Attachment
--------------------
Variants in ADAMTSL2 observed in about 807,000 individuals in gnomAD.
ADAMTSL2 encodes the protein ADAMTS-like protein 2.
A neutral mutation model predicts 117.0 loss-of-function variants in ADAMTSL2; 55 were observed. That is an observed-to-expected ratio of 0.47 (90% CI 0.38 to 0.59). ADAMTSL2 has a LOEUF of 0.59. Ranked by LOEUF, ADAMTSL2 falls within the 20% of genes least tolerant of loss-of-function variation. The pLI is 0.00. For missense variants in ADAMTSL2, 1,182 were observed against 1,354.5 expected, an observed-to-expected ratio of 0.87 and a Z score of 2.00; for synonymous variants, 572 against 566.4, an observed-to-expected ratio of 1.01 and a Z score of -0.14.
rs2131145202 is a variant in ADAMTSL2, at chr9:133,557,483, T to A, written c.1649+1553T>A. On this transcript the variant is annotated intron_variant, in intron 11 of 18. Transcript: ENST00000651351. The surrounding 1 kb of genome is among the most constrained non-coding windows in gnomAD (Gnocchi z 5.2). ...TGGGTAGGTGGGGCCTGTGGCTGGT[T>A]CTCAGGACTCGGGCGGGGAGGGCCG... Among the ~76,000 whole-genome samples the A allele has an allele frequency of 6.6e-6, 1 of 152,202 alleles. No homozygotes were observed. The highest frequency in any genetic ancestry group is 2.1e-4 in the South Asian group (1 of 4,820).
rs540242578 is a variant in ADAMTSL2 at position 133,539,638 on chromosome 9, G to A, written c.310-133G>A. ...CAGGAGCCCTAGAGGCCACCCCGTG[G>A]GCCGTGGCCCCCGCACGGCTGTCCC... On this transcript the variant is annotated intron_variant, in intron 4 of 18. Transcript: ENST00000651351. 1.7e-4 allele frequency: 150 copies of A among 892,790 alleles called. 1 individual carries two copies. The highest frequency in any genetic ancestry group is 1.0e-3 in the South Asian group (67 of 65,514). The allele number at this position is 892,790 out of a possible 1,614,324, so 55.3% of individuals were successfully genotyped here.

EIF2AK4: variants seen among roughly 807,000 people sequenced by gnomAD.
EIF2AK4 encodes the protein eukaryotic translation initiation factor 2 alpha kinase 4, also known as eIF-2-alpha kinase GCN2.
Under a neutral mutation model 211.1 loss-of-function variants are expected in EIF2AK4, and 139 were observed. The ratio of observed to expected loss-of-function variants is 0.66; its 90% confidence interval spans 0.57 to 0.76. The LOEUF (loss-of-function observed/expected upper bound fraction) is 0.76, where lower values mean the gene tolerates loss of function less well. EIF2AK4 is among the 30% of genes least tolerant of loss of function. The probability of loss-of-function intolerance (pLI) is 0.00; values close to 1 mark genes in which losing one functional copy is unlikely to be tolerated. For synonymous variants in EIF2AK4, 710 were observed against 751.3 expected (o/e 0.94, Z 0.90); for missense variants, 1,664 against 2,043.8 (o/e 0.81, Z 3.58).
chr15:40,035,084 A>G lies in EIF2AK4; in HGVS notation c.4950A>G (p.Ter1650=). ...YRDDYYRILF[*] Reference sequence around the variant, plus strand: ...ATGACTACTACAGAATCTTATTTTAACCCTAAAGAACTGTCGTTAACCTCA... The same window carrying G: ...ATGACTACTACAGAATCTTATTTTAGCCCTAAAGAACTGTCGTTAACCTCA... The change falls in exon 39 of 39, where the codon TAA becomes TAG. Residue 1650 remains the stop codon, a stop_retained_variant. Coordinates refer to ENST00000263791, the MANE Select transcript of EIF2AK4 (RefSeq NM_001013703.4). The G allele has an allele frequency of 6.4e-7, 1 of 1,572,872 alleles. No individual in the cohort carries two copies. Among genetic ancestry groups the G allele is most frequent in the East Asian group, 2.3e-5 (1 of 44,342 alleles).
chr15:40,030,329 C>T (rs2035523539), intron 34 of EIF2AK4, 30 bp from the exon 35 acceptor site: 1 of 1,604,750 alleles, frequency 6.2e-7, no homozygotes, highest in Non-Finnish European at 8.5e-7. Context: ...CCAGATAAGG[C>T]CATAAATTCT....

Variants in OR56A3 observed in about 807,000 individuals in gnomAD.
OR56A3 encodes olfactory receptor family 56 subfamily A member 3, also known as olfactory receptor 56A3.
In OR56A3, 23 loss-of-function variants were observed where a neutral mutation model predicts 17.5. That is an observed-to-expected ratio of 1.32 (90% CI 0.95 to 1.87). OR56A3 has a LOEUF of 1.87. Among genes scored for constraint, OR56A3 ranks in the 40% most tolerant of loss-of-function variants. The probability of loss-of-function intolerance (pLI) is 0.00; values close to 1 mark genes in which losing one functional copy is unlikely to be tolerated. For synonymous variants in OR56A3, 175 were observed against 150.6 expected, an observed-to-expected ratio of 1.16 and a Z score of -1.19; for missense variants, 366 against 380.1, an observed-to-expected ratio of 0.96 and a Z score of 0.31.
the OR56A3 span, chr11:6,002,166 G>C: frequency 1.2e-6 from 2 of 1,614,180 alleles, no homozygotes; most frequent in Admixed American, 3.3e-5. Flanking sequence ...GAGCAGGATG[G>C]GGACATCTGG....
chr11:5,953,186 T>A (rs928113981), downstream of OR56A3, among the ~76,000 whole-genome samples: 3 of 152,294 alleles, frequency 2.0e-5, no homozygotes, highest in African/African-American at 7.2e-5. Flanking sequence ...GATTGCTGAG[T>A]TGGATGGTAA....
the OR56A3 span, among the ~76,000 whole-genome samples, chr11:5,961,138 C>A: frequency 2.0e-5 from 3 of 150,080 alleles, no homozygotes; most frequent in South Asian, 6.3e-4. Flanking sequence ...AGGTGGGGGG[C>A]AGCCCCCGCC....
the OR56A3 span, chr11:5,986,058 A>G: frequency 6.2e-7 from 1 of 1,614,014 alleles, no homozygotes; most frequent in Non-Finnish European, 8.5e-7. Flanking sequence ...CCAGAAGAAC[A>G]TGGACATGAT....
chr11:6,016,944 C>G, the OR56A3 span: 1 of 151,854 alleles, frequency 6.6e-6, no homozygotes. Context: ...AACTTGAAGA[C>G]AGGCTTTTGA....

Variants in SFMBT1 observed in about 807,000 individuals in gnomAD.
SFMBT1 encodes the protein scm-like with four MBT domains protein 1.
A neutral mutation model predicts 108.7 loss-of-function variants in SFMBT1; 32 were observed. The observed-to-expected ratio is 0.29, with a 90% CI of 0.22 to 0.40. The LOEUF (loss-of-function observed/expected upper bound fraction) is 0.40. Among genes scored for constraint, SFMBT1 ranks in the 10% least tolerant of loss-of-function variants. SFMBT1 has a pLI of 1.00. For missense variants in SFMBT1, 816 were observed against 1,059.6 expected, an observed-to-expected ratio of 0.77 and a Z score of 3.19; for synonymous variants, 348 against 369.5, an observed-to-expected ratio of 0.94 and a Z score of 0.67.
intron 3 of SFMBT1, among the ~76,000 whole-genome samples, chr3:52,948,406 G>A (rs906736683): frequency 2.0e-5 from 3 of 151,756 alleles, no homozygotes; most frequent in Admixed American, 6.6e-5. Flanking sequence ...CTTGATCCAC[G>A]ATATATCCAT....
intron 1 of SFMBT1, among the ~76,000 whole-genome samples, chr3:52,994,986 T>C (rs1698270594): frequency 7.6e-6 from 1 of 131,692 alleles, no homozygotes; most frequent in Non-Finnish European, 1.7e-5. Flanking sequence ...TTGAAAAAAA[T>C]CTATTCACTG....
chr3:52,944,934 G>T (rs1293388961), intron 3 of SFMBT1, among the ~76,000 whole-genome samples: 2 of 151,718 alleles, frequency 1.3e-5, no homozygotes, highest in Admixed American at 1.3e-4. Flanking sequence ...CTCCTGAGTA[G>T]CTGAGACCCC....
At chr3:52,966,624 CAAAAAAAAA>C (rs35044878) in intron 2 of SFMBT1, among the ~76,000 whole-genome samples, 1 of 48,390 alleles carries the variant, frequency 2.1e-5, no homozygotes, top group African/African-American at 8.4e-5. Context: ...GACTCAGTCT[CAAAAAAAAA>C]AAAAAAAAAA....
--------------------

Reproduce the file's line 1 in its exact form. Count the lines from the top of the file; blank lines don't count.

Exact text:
Variants in ADAMTSL2 observed in about 807,000 individuals in gnomAD.